We will have to consider how to organize ourselves better should we be confronted with a pandemic again. How do we justify keeping spare emergency room capacity, when we might not need it for 100 years?  How do we make sure our political leaders are honest about what they know and what they do not? How do we make sure that politicians don’t take actions to make themselves seem active, even if the science is absent or weak?

Bad luck is as much a part of life as is good luck. So if a pandemic hits and people choose not to do something and that decision hurts a business, that is deeply sad, but part of life. Other businesses thrive because of the same happenstance. Yet, a restaurateur who is now bankrupt not because consumers elect not to buy but, rather, because he is ordered to close, a landlord who is bankrupt not because he can’t find paying tenants but because the landlord is obligated to pay taxes, maintenance, electric, etc., but is also compelled to allow people who don’t pay rent to stay in the apartments, poses a different challenge to society.

Would we be so quick to order landlords to tolerate non-paying tenants if each of us had to chip in to cover their rent? The question of how we want to help people who have lost their jobs and livelihood during a pandemic is a real and important one, but, surely, it cannot be a burden imposed randomly on some individuals and not on others. Why should a person whose business is renting out apartments contribute more to the public weal than someone whose business is food or clothing or banking?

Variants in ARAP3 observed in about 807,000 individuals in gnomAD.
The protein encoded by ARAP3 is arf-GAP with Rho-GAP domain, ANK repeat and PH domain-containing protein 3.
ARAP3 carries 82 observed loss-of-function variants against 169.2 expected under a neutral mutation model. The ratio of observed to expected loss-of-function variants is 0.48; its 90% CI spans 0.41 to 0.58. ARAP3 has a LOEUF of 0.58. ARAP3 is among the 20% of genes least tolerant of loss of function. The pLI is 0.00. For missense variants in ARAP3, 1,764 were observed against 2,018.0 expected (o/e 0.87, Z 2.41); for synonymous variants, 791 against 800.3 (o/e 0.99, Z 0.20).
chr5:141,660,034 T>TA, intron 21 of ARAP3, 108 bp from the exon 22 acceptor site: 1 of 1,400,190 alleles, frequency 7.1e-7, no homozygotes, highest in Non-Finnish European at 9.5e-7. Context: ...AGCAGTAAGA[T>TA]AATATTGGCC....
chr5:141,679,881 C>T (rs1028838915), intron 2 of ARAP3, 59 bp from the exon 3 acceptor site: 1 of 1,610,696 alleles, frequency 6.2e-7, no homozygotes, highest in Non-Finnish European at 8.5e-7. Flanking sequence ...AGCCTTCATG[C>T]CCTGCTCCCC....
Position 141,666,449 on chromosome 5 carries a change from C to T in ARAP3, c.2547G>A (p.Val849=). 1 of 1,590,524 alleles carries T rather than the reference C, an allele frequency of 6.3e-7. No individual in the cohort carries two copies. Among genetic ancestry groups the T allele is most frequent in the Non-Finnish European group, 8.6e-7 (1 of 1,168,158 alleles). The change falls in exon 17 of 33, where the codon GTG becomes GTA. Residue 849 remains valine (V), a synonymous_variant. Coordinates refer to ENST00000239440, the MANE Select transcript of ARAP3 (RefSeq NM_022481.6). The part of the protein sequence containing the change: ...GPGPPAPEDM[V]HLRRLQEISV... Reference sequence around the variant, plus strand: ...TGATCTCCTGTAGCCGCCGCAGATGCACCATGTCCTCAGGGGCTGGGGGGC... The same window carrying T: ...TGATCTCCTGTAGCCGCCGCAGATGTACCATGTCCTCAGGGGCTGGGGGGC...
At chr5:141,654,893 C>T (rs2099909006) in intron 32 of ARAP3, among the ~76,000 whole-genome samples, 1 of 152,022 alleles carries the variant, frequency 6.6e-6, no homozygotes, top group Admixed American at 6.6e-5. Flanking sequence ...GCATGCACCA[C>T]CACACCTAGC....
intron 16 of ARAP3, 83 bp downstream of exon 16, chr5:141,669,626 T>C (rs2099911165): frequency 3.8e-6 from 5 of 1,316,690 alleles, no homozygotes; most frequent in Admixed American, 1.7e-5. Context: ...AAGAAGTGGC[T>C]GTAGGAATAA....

The Pundit’s oldest son is in college, and he has done all his classes from his dorm room. His friend is a top tennis player but his unrecoverable youth is being lost as his school has cancelled sports. To us, the risks are real, but there is a loss in isolating people, denying them activities they value and interactions they crave. We would argue that this is not a decision for government or schools to make; the decision is for individuals.